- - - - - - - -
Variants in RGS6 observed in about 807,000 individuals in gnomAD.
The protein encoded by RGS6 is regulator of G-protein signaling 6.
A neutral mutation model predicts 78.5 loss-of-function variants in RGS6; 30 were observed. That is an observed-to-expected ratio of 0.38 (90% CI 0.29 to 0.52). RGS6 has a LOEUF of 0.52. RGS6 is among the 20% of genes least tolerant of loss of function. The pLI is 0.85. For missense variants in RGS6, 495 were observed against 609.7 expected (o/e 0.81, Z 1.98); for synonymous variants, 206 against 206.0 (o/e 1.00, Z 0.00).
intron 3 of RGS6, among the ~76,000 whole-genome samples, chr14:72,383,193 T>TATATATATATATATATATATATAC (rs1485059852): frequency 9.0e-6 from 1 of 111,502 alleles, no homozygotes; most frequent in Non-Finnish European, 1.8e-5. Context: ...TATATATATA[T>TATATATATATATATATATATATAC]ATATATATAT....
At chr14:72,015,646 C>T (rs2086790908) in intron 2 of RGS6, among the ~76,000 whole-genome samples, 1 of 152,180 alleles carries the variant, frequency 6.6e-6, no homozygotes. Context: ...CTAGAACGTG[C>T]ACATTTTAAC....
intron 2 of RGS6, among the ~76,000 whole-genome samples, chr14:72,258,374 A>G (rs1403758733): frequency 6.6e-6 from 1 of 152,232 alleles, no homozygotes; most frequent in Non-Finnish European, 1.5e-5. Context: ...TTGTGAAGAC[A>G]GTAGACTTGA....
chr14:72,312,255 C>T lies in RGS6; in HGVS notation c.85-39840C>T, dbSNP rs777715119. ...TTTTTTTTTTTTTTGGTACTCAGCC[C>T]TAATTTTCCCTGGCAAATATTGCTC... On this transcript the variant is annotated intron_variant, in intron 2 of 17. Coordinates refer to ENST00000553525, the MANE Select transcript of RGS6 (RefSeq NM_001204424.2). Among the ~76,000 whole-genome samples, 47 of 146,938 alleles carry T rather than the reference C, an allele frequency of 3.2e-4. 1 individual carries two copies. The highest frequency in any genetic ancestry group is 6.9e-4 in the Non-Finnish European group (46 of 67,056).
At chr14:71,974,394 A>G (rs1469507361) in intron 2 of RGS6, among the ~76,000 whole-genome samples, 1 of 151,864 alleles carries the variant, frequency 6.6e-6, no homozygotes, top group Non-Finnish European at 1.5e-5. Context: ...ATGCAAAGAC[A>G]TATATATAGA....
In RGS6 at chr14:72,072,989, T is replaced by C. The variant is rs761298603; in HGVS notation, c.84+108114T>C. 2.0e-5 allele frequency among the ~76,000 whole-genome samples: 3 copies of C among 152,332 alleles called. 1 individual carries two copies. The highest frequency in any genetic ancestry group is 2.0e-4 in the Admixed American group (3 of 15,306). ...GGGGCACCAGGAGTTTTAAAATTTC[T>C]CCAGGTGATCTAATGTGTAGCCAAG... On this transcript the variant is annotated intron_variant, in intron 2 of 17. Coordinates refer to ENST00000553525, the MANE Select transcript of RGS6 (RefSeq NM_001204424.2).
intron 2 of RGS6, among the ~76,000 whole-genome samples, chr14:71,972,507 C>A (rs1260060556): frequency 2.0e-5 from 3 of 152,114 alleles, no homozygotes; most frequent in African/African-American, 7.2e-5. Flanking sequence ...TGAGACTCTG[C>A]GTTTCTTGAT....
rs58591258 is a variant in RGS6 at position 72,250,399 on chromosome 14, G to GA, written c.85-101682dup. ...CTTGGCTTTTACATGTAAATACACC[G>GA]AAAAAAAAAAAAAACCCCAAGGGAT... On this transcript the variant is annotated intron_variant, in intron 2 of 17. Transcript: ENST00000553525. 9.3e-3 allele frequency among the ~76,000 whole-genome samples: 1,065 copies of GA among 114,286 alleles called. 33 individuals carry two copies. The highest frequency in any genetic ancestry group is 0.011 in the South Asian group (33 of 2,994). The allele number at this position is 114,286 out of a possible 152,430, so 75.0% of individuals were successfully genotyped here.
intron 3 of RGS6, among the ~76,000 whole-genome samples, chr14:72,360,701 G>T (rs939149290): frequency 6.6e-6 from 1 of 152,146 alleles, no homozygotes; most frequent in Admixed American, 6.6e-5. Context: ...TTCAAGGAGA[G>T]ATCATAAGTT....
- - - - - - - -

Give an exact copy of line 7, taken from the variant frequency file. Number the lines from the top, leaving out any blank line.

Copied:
chr14:72,312,255 C>T lies in RGS6; in HGVS notation c.85-39840C>T, dbSNP rs777715119. ...TTTTTTTTTTTTTTGGTACTCAGCC[C>T]TAATTTTCCCTGGCAAATATTGCTC... On this transcript the variant is annotated intron_variant, in intron 2 of 17. Coordinates refer to ENST00000553525, the MANE Select transcript of RGS6 (RefSeq NM_001204424.2). Among the ~76,000 whole-genome samples, 47 of 146,938 alleles carry T rather than the reference C, an allele frequency of 3.2e-4. 1 individual carries two copies. The highest frequency in any genetic ancestry group is 6.9e-4 in the Non-Finnish European group (46 of 67,056).